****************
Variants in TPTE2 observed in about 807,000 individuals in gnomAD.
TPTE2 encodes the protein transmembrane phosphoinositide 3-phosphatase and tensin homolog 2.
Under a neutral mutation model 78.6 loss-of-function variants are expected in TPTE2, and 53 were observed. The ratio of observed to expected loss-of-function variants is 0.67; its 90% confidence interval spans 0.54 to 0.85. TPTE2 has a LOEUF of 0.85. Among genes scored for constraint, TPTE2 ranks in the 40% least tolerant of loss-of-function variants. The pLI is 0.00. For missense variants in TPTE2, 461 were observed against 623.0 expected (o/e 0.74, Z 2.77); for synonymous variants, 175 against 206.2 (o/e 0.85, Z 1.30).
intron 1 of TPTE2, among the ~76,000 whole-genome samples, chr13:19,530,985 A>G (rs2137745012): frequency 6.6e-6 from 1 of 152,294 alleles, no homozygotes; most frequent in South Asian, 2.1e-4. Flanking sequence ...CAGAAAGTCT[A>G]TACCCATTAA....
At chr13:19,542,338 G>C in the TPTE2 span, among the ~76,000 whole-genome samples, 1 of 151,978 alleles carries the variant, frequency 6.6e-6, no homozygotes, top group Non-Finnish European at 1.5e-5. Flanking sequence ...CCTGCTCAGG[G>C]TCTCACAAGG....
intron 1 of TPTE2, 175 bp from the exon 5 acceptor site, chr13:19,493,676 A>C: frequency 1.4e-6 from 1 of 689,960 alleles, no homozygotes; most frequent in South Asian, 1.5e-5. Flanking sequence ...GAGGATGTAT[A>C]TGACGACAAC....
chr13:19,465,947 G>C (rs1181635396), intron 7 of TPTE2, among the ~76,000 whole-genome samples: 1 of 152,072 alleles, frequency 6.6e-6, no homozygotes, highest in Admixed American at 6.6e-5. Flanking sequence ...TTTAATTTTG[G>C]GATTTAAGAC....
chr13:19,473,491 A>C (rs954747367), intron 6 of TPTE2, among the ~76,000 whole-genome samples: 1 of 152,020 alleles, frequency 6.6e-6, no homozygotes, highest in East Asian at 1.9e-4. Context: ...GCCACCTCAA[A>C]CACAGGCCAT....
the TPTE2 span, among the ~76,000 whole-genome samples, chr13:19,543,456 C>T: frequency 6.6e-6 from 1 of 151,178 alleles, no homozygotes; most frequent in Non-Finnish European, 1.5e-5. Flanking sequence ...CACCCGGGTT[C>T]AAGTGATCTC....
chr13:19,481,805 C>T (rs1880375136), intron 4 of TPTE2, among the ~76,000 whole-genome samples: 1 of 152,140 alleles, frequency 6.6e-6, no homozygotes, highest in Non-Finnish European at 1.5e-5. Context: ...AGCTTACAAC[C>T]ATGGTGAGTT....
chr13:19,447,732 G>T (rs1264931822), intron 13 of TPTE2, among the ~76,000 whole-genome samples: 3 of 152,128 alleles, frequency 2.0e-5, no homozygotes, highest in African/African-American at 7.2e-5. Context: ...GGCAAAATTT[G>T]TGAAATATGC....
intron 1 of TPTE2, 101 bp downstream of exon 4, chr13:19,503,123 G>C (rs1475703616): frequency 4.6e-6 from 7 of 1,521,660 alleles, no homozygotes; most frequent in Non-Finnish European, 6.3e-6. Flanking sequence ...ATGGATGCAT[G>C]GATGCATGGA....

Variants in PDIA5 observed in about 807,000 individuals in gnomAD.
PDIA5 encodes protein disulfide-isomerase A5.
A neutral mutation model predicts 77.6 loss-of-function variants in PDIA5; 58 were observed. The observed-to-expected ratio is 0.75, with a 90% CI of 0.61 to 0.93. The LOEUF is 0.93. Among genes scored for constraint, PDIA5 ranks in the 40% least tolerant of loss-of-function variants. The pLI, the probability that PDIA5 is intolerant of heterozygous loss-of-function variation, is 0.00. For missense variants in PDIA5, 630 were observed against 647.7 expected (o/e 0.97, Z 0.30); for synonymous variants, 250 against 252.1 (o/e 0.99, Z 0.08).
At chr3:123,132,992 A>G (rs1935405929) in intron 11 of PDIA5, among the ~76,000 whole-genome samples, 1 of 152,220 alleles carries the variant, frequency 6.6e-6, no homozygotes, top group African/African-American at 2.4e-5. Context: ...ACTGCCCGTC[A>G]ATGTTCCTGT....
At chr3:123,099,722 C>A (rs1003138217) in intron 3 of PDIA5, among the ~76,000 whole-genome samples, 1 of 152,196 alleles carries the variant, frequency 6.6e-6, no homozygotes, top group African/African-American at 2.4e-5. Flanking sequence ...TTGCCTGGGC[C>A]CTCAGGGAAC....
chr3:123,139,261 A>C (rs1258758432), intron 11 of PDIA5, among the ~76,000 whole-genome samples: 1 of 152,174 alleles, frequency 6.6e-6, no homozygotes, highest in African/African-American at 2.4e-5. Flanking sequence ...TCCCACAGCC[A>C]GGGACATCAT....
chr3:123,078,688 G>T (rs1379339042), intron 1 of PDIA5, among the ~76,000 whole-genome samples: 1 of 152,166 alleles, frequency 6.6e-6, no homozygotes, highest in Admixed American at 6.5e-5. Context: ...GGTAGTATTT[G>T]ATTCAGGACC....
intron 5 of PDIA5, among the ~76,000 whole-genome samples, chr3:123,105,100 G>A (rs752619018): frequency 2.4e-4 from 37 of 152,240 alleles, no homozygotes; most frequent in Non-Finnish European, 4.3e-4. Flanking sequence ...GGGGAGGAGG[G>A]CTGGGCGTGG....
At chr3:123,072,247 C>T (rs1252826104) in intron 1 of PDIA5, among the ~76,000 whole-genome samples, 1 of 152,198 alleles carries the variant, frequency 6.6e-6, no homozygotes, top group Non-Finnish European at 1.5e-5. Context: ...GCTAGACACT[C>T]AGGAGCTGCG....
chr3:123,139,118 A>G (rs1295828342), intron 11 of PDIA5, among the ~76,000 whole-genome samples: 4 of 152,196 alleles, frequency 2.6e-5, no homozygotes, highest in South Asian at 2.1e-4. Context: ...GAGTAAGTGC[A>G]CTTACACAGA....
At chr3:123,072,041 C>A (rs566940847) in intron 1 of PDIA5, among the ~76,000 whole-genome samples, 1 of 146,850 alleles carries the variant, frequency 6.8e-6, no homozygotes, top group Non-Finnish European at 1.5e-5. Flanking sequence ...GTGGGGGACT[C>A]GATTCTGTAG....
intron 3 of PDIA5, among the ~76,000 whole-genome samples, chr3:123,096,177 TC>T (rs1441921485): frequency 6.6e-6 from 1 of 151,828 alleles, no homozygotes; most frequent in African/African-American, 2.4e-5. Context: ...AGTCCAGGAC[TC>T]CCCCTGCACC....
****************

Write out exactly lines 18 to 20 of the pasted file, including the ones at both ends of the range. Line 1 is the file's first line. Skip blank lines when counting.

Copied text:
chr3:123,139,261 A>C (rs1258758432), intron 11 of PDIA5, among the ~76,000 whole-genome samples: 1 of 152,174 alleles, frequency 6.6e-6, no homozygotes, highest in African/African-American at 2.4e-5. Flanking sequence ...TCCCACAGCC[A>C]GGGACATCAT....
chr3:123,078,688 G>T (rs1379339042), intron 1 of PDIA5, among the ~76,000 whole-genome samples: 1 of 152,166 alleles, frequency 6.6e-6, no homozygotes, highest in Admixed American at 6.5e-5. Context: ...GGTAGTATTT[G>T]ATTCAGGACC....
intron 5 of PDIA5, among the ~76,000 whole-genome samples, chr3:123,105,100 G>A (rs752619018): frequency 2.4e-4 from 37 of 152,240 alleles, no homozygotes; most frequent in Non-Finnish European, 4.3e-4. Flanking sequence ...GGGGAGGAGG[G>A]CTGGGCGTGG....